A young Lakota man, maybe seventeen years old, approached me as I waited in line at a local fast food joint to get a cup of coffee. It was the week of the Lakota Nation Invitational Basketball Tournament that is held in Rapid City every December.
The young man shook my hand and said he reads my weekly column in the Todd County Tribune. “You must be from Rosebud,” I said. He grinned and said, “You got that right.” He asked me how to pronounce my Lakota name, Nanwica Kciji. I said, “It is pronounced Nah Wee Chak gee gee.” He tried to say it once, but laughed at his mispronunciation. “What does it mean?” he asked. “It means, Stands Up for Them,” I responded.
I asked him if they had Lakota classes at his school. He said they did, but he and most of his friends were deep into sports and really didn’t have the time to take in the classes. He said a few of his friends knew Lakota words, but most of them were too busy with computers, cell phones and other things to really get into the language.
It made me wonder because there has been a big push of late to re-awaken the language and it has been a fight for the Lakota instructors to get the young people to respond to their message. The Lakota teachers have attempted to remind the young that it was the Lakota language that was the target of the early mission schools and the Bureau of Indian Affairs schools. They assumed that if they killed the language the children would be better suited to move on into the world. The missionaries and BIA teachers had definite orders to stifle the language and push English as the number one language. In many ways this approach was nearly successful.
But many of the elders hung on to the language and when the school leaders finally realized they had made a dreadful mistake, the language that was once forbidden was re-introduced as part of the curriculum. At Red Cloud, the school I attended, Lakota speakers like Mathew Two Bulls were brought in to teach the younger children.
The Pine Ridge Reservation, like Rosebud, Standing Rock and Cheyenne River, are huge reservations. Lakota people living in the far reaches of the reservation are fairly isolated from the mainstream and many of these Lakota hung on to the language. The lived in what was known on the reservation as the “traditional districts.”
My father’s generation, those born on the cusp of the 20th Century and into the early part of that century, spoke Lakota as their first language. They were of the first generation to attend the BIA and Indian mission boarding schools. They were already fluent in Lakota before they started school and retained the language when they returned to their homes. But many of them believed whole heartedly the message pounded into their heads in the boarding schools. Their children must learn English and forget the Lakota language if they are to succeed in the 20th Century. They therefore did not teach their children the language and only spoke it when they did not want the children to know what they were talking about.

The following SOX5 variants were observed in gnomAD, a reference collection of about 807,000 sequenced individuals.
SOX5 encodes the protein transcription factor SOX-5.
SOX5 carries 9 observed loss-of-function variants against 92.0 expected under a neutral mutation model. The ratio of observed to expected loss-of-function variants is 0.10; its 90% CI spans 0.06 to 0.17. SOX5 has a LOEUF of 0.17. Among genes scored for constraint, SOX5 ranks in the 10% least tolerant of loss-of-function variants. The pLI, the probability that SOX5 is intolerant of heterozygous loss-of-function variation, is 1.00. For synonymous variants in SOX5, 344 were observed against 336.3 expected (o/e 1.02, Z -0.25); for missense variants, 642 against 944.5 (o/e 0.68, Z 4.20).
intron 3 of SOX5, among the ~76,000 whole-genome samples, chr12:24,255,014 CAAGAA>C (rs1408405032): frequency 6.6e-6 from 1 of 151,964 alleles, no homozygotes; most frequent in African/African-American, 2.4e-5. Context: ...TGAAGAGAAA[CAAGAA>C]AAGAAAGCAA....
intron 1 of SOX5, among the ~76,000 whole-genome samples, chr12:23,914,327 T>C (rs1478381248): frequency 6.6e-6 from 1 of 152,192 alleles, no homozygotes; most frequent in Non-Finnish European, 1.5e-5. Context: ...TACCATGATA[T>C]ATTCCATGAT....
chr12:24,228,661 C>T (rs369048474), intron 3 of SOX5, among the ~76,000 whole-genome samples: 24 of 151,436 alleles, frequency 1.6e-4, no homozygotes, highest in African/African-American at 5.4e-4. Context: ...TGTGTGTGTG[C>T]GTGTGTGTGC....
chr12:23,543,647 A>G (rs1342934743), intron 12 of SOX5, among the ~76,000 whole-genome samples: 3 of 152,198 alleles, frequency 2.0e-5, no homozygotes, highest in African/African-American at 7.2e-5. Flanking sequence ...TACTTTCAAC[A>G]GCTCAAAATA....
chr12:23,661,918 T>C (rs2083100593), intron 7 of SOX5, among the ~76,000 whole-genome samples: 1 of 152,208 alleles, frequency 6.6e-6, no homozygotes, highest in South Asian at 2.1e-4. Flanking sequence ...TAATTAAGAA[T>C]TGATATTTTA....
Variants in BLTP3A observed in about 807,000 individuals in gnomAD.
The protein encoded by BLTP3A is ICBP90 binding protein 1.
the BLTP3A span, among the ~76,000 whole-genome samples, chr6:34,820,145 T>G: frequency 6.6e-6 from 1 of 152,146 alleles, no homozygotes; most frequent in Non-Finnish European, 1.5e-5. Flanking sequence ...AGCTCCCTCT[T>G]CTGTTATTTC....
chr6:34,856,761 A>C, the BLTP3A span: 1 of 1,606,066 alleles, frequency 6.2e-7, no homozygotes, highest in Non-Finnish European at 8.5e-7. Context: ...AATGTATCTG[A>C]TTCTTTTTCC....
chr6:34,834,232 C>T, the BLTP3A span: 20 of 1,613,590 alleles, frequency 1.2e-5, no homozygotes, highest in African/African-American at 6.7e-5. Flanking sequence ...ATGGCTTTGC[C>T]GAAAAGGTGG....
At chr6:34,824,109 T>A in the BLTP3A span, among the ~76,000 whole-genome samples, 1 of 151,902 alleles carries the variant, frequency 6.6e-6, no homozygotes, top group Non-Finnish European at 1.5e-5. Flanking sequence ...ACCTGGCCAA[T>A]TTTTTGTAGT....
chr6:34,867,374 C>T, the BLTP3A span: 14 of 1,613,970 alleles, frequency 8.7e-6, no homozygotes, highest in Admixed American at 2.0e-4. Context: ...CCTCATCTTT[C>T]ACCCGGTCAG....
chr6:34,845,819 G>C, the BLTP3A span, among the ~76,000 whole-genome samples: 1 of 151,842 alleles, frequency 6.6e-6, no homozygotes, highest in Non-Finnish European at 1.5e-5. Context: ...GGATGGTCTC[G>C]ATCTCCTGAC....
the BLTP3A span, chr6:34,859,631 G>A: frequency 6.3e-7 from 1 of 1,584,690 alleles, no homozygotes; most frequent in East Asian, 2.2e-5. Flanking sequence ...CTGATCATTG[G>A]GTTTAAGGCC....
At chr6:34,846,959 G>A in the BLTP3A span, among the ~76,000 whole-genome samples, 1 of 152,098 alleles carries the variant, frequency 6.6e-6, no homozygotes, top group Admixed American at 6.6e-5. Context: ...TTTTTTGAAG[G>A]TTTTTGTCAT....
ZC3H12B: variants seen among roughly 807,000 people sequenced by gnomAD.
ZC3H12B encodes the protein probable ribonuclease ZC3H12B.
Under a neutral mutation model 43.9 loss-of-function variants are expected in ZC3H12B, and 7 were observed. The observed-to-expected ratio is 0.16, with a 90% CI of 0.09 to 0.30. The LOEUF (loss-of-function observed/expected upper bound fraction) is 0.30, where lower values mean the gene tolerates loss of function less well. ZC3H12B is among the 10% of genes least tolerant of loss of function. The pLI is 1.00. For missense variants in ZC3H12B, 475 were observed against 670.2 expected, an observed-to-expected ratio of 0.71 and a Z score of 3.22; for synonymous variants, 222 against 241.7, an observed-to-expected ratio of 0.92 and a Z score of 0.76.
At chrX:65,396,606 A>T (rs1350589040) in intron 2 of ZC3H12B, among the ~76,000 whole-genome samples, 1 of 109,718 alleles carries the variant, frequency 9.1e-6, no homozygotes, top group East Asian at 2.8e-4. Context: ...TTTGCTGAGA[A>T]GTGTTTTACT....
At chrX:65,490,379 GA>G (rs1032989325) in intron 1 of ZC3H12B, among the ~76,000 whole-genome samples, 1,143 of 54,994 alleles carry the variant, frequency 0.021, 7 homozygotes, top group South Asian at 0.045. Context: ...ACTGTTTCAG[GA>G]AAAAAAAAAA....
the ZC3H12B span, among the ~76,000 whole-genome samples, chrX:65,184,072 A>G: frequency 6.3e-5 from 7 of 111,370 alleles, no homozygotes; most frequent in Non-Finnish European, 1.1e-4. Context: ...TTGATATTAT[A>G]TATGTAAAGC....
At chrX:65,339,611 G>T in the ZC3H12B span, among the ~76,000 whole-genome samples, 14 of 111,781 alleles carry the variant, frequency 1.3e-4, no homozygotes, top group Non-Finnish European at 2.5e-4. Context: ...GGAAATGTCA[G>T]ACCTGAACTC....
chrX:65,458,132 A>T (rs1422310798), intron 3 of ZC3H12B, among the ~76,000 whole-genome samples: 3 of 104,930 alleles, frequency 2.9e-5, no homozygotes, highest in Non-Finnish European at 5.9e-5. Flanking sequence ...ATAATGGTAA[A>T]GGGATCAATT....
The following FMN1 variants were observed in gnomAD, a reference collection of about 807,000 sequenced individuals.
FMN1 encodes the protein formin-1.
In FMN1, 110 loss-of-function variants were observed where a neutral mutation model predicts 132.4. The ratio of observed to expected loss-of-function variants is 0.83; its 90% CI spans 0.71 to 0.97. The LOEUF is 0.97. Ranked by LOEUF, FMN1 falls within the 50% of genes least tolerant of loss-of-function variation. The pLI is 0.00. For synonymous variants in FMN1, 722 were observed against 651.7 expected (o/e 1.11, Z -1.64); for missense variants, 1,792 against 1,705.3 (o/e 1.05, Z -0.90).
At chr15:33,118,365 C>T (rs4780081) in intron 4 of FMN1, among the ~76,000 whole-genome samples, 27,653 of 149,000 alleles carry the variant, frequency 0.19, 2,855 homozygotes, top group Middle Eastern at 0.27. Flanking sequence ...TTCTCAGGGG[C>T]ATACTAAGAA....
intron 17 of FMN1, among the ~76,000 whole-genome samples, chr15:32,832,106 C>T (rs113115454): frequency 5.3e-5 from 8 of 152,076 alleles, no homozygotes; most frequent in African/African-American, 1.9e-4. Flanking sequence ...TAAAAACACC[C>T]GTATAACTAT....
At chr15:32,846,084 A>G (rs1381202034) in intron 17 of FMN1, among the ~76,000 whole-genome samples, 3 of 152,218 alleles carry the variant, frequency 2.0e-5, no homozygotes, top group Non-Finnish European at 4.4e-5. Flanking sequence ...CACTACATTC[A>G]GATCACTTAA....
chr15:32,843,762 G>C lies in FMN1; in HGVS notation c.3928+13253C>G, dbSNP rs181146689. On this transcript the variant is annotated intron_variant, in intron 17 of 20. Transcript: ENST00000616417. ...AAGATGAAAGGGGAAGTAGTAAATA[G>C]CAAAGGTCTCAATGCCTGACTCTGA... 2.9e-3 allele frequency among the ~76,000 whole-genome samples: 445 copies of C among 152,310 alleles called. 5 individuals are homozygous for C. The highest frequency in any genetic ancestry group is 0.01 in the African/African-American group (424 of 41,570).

I am glad to see the renewed efforts of the Lakota elders to bring back the language. But they must not be too harsh on the Lakota people that do not speak the language and the non-Lakota speakers must not blame themselves for not speaking the language. The one thing that brought about the success of organizations like the National Congress of American Indians is the fact that all of those attending their early conferences could speak English. That gave NCAI the ability to bring together people of many Indian nations and help them to find a common goal in order to survive as a unique people.
Without the language the spirituality of the people would have died because the words spoken in the Lakota ceremonies must be spoken in the Lakota language. The elders and the wicasa wakan (holy men) believe that Wakan Tanka (the Great Spirit) will only respond to the Lakota language. Perhaps the missionaries knew this better than anyone else.
I believe it will be a mighty struggle to get the Lakota children of today to once again embrace their Native tongue. The thousands of distractions they have with computers, television, radio, cell phones and computer games make it essential that they master the English language and that leaves them little room to pursue the Lakota language.
But the Native people have endured and the Lakota boy that spoke to me in the restaurant may reach that point in his life when he finds that knowing and speaking his Native language will bring him closer to his roots. And if he chooses not to learn the language, that is also his right and it will not make him any less a Lakota.
Tim Giago, an Oglala Lakota, was born, raised and educated on the Pine Ridge Reservation in South Dakota. He was the founder and publisher of Indian Country Today, the Lakota Times, and the Dakota/Lakota Journal. He can be reached at email@example.com.
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